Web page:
Given multiple adverse effects of high temperatures observed on approximately 70% of India’s population over the last three decades, provision of social protection in the form of government schemes is essential to combat the negative impacts of climate change. These could include cash transfers for income support (for instance, to purchase cooling equipment in the event of high temperatures) and increases in the allocation of food subsidies through the Targeted Public Distribution System, particularly for agricultural and industrial sector workers. An expansion in access to MGNREGA, especially in the event of crop losses due to weather anomalies (Taraz 2023), would further provide employment opportunities and ameliorate declines in consumption.

At a broader level, the rise in consumption inequality due to climate change can be alleviated through compensation schemes targeted at mitigating the effects of heat stress by supporting and subsidising the purchase of cooling equipment and food, particularly for poorer households in rural areas. The government’s National Adaptation Fund for Climate Change targets a few states that are highly vulnerable to climate change, but funding is limited to specific projects. Yet, temperature increases have affected millions of households across the country for close to three decades and its effects are likely to worsen in the future, creating the need for additional funding allocation toward mitigation, adaptation and redistribution measures.


While the study captures climatic impacts on household consumption levels, the lack of nationally representative survey data on household incomes and savings for the recent decade precludes further sectoral analysis. Nonetheless, consumption expenditure is an important metric to assess standards of living and indeed the benchmark to measure poverty levels in India. Timely and updated household survey data on consumption expenditure are therefore essential to gauge the economic impacts of climate change on households across the country. The evidence generated would aid the design of critical adaptation, compensation and mitigation policies to prevent declines in household consumption and counter the rise in inequality.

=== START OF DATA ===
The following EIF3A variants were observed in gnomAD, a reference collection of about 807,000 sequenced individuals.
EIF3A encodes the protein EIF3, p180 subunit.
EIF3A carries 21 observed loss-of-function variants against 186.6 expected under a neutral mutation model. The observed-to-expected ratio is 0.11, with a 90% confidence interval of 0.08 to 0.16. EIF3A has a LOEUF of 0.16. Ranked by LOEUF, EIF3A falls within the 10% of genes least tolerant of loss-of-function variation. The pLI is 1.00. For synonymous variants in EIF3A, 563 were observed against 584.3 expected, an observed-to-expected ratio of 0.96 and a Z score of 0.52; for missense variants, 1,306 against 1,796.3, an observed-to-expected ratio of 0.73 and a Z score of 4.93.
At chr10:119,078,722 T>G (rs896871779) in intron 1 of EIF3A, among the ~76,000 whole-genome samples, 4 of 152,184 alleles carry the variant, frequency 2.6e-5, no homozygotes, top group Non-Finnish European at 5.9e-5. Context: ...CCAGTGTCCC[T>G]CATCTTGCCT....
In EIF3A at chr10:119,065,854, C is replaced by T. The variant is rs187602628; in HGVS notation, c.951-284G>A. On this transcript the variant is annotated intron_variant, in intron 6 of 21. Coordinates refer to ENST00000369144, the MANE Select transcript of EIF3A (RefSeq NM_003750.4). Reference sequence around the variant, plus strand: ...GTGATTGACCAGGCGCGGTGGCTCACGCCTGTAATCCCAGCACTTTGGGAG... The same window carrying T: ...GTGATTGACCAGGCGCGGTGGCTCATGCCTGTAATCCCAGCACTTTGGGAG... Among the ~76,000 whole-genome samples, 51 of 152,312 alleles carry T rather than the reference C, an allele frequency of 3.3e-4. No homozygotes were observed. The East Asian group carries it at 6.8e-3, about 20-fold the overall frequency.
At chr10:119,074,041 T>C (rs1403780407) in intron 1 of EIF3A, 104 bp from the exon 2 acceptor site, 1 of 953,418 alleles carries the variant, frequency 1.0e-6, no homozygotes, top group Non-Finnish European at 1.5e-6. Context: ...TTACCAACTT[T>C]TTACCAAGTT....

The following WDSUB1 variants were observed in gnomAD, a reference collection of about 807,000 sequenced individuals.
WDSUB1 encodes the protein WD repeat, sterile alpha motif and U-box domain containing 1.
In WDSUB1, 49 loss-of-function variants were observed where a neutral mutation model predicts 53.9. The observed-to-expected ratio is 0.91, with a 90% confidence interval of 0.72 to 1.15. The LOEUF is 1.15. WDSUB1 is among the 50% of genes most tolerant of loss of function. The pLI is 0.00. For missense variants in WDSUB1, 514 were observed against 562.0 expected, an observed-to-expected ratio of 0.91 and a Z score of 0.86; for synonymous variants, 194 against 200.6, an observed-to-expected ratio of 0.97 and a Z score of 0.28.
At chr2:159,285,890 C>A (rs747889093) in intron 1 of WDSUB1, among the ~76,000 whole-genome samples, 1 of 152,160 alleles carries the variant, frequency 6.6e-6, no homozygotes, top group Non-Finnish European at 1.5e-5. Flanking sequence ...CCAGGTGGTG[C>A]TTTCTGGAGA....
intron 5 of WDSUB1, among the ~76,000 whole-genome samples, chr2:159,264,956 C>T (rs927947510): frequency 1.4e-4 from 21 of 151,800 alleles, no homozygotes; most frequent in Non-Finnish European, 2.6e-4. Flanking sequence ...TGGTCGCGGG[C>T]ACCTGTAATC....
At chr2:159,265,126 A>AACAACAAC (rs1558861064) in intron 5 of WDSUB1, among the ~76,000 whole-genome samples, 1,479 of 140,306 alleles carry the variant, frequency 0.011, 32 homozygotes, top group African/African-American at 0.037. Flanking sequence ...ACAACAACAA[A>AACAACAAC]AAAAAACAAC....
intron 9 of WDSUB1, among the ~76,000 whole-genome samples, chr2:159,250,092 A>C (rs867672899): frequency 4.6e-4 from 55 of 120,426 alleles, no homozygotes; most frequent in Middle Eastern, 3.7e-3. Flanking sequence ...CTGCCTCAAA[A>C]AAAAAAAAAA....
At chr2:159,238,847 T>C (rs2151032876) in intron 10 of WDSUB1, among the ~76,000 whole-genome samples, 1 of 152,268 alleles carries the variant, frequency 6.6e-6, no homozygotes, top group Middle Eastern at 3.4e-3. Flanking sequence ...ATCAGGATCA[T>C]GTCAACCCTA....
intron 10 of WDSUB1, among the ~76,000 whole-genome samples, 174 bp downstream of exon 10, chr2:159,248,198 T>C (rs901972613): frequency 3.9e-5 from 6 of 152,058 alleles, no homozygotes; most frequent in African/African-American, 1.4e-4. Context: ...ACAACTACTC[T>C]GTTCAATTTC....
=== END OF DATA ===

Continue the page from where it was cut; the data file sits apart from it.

This post was originally published at Ideas for India and can be accessed here. Published with permission.


The author would like to thank Utkarsh Patel for valuable comments on the post. She also thanks Deepak Kumar, Bhanu Pratap, Aarti Malik and Daattavya Aggarwal for helpful suggestions.


  1. Climate shock is defined as a one standard deviation increase in temperature above the historical district-level average value. Thus, climate shocks across different geographical regions in India are comparable.
  2. MPCE is a measure of households’ standard of living and comprises consumption expenditure incurred on a range of non-durable and durable items including food, energy, transport, clothing, and others. MPCE is calculated as the household’s total monthly consumption expenditure divided by the number of household members.

 Further Reading

  • Aggarwal, Raavi (2021), “Impacts of climate shocks on household consumption and inequality in India”, Environment and Development Economics, 26(5-6: Weather and Climate Impacts in Developing Countries): 488-511.
  • Government of India (2018), ‘Climate, climate change and agriculture’, in Economic Survey of India, 2017-18, Vol. 1.
  • Somanathan, E., Rohini Somanathan, Anant Sudarshan and Meenu Tewari (2021), “The Impact of Temperature of Productivity and Labor Supply: Evidence from Indian Manufacturing”, Journal of Political Economy, 129(6).
  • Taraz, Vis (2023), “Public works programs and agricultural risk: Evidence from India”, The Australian Journal of Agricultural and Resource Economics, 67(2): 198-223



Blog post | 10 August 2023